Evidencing the interpretation by both Congress and the States of the Fourteenth Amendment is a comparison of the constitutions of the ratifying States with the Federal
Constitution. Having regard only to the grand jury guarantee of the Fifth Amendment, the criminal jury guarantee of the Sixth Amendment, and the civil jury guarantee of the Seventh Amendment, it is apparent that, if the first eight amendments were being applied verbatim to the States, ten of the thirty ratifying States would have impliedly been imposing upon themselves constitutional requirements on vital issues of state policies contrary to those present in their own constitutions.4 Or, to approach the matter in a different way, they would be covertly altering provisions of their own constitutions in disregard of the amendment procedures required by those constitutions. Five other States would have been undertaking procedures not in conflict with, but not required by, their constitutions. Thus, only one-half, or fifteen, of the ratifying States had constitutions in explicit accord with these provisions of the Fifth, Sixth, and Seventh Amendments. Of these fifteen, four made alterations in their constitutions by 1875 which brought them into important conflict with one or more of these provisions of the Federal Constitution. One of the States whose constitution had not included any provision on one of the three procedures under investigation adopted a provision in 1890 which was inconsistent with the Federal Constitution. And so, by 1890, only eleven of the thirty ratifying States were in explicit accord with these provisions of the first eight amendments to the Federal Constitution. Four were silent as to one or more of the provisions, and fifteen were in open conflict with these same provisions.5
Similarly imposing evidence of the understanding of the Due Process Clause is supplied by the history of the admission of the twelve States entering the Union after the ratification of the Fourteenth Amendment. In the case of each, Congress required that the State's constitution be "not repugnant" to the Constitution of the United States.6 Not one of the constitutions of the twelve States contains all three of the procedures relating to grand jury, criminal jury, and civil jury. In fact, all twelve have provisions obviously different from the requirements of the Fifth, Sixth, or Seventh Amendments. And yet, in the case of each admission, either the President of the United States or Congress or both have found that the constitution was in conformity with the Enabling Act and the Constitution of the United States.7 Nor is there warrant to believe that the [79 S.Ct. 680] States, in adopting constitutions with the specific purpose of complying with the requisites of admission, were, in fact, evading the demands of the Constitution of the United States.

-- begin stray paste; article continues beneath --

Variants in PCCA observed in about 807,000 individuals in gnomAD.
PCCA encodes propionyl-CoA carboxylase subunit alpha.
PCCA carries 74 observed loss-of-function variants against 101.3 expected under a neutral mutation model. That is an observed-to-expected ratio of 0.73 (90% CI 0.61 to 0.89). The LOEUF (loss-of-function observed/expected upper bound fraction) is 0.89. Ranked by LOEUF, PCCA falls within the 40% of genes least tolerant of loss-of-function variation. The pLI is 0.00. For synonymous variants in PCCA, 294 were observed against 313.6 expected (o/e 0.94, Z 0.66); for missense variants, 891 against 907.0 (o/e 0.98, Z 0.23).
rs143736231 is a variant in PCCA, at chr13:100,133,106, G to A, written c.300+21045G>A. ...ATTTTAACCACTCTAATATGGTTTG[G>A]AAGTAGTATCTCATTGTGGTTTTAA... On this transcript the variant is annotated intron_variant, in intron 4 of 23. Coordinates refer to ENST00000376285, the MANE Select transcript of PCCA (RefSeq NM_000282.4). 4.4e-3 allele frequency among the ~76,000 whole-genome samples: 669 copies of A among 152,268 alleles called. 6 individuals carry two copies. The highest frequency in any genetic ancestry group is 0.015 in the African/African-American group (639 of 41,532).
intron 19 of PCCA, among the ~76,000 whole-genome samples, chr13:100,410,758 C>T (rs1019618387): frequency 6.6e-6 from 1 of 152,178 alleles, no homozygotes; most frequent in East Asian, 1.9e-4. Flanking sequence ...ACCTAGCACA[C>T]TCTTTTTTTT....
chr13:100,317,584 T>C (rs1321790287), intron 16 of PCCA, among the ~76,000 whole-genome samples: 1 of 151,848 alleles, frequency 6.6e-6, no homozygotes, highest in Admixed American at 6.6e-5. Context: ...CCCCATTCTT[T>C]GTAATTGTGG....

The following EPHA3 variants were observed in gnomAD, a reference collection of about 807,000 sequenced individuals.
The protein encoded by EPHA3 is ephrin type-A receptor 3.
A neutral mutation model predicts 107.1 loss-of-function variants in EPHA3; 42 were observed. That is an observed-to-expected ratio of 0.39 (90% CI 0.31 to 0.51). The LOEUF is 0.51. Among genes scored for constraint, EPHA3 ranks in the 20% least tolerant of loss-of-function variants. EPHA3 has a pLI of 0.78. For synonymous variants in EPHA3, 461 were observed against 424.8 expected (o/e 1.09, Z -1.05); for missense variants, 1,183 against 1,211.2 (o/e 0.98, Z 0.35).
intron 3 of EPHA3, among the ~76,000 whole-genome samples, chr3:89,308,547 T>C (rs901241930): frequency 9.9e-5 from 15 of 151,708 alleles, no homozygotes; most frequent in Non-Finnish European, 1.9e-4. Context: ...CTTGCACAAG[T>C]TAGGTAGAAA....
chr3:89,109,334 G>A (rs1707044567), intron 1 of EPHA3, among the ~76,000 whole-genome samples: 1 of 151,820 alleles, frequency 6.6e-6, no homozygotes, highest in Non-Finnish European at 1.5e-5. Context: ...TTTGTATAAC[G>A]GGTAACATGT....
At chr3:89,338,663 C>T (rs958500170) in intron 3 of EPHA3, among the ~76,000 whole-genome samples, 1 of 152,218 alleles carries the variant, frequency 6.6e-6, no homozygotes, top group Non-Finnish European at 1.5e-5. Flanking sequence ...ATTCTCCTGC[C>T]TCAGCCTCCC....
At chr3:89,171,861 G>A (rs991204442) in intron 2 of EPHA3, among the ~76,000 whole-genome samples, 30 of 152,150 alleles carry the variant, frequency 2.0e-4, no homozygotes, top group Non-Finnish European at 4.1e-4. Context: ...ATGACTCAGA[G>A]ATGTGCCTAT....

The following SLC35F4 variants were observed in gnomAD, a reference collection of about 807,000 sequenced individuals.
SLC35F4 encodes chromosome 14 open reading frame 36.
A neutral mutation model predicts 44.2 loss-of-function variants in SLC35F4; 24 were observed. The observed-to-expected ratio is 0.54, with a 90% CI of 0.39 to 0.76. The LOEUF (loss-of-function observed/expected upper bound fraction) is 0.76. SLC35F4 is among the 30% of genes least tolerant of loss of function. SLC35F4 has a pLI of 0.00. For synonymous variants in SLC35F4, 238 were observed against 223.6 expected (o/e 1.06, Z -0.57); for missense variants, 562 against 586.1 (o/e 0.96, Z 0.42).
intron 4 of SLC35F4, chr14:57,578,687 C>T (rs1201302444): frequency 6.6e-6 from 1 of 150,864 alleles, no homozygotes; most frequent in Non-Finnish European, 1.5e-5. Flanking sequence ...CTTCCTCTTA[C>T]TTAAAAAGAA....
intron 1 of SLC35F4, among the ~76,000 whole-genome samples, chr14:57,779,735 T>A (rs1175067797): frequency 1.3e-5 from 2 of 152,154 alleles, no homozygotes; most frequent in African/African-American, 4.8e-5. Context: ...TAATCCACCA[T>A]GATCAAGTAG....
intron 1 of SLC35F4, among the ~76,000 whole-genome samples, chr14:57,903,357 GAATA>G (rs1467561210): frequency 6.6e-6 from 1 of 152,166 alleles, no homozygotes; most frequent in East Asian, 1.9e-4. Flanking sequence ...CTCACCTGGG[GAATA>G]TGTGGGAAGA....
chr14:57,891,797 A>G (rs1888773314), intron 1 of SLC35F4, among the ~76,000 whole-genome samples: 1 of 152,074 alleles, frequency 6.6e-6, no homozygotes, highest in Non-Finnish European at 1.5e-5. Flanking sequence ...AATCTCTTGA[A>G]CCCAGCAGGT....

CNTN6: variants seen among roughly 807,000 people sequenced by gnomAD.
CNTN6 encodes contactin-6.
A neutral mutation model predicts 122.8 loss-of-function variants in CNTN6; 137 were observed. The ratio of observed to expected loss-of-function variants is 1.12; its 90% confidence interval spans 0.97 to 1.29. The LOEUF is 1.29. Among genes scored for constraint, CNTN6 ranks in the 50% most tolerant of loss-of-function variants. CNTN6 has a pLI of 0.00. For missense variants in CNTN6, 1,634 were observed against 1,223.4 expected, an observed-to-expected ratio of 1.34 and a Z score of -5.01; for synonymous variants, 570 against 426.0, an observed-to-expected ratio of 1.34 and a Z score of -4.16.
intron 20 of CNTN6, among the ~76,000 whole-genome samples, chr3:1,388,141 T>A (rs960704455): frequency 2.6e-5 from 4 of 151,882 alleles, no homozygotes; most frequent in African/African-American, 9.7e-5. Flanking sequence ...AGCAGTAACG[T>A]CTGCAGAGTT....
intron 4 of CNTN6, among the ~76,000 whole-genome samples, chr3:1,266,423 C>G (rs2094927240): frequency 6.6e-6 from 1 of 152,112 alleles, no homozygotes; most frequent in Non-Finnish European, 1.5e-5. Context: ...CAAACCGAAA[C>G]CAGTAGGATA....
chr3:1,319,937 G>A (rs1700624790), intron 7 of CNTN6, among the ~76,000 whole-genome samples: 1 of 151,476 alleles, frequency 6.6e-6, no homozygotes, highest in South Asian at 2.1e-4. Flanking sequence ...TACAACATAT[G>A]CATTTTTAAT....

Surely this compels the conclusion that Congress and the States have always believed that the Due Process Clause brought into play a basis of restrictions upon the States other than the undisclosed incorporation of the original eight amendments. In Hurtado v. California, 110 U.S. 516, this Court considered due process in its historical setting, reviewed its development as a concept in Anglo-American law from the time of the Magna Carta until the time of the adoption of the Fourteenth
Amendment and concluded that it was intended to be a flexible concept, responsive to thought and experience -- experience which is reflected in a solid body of judicial opinion, all manifesting deep convictions to be unfolded by a process of "inclusion and exclusion." Davidson v. New Orleans, 96 U.S. 97, 104. Time and again, this Court has attempted by general phrases not to define but to indicate the purport of due process, and to adumbrate the continuing adjudicatory process in its application. The statement by Mr. Justice Cardozo in Palko v. Connecticut, 302 U.S. 319, has especially commended itself and been frequently cited in later opinions.8 Referring to specific situations, he wrote:
In these and other situations, immunities that are valid as against the federal government by force of the specific pledges of particular amendments have been found to be implicit in the concept of ordered liberty, and thus, through the Fourteenth Amendment, become valid as against the states.
302 U.S. at 324-325....